Cheniere Gets OK to Place Sabine LNG Tank Back in Service

(Reuters) — U.S. LNG company Cheniere Energy Inc. received permission from federal regulators on Wednesday to return one of two shut storage tanks to service at its Sabine Pass LNG export plant in Louisiana following a leak in 2018.

Specifically, the U.S. Federal Energy Regulatory Commission (FERC) granted Cheniere's request "to commence cooldown of LNG Tank S-101."

The U.S. Department of Transportation's Pipeline and Hazardous Materials Safety Administration (PHMSA) ordered Cheniere to shut two LNG storage tanks on Feb. 8, 2018, after plant workers on Jan. 22, 2018, discovered a one- to six-foot crack in one tank that leaked fuel into an outer layer.

During the investigation of the Sabine site, PHMSA discovered a second tank had also experienced releases of LNG from the inner tank.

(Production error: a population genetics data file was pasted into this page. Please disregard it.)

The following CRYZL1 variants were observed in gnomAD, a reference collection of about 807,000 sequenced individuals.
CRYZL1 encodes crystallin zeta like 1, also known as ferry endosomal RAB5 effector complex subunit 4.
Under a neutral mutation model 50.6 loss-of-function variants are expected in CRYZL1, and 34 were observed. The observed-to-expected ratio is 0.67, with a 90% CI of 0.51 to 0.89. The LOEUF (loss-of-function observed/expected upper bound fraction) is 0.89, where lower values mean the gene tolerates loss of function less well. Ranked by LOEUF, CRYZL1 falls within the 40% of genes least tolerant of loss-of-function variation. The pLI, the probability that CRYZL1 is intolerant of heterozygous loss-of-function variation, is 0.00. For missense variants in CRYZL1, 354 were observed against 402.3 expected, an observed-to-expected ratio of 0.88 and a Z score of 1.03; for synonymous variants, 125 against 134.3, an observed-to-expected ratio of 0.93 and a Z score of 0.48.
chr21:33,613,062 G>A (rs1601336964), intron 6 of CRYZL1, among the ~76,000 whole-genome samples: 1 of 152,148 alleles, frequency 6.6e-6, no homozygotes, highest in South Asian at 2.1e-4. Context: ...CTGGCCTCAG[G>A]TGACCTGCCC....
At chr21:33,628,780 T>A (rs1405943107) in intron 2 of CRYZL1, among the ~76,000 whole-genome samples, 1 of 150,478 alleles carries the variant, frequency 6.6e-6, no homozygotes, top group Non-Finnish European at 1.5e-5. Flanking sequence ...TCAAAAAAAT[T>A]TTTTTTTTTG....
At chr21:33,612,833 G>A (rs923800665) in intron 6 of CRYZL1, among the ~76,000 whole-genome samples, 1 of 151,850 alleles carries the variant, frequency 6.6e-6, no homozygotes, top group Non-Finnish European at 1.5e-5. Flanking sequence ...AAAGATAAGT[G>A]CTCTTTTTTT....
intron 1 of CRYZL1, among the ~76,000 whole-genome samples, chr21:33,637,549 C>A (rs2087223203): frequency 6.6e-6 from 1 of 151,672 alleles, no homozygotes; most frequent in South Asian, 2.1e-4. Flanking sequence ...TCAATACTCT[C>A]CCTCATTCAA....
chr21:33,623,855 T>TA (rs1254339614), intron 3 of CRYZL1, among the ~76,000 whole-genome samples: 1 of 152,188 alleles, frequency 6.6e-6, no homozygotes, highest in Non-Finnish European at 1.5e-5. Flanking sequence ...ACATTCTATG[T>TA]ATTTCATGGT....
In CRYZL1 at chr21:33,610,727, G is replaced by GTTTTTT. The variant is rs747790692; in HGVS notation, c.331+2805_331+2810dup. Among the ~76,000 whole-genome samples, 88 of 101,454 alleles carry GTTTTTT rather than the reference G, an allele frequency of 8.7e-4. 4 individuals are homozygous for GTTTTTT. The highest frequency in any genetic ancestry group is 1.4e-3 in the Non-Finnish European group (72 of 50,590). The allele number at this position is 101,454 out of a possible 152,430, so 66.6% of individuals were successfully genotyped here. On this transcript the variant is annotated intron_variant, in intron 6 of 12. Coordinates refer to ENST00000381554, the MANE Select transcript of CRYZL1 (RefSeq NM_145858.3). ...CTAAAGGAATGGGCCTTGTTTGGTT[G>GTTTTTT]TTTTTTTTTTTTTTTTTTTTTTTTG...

FERC and PHMSA have said tank S-103, the other tank shut in 2018, will remain out of service until the regulators authorize its return.

In October 2021, Cheniere agreed to pay the PHMSA's proposed $1.5 million penalty for alleged violations related to the 2018 leak.

The five tanks at Sabine can hold the equivalent of 3.4 billion cubic feet (Bcf) of gas each, or 17 Bcf in total. One billion cubic feet of gas is enough to fuel about 5 million U.S. homes for a day.

Cheniere is the biggest U.S. buyer of natural gas and the biggest U.S. exporter of LNG with the capacity to produce about 53 million tonnes per annum (MTPA) of LNG at its two facilities: Corpus Christi in Texas and Sabine. That is equivalent to almost 7 Bcf/d of natural gas.

The company is also developing the 11.5-MTPA Corpus Christi Stage 3 expansion and is expected to make a final investment decision to build the project later this year.

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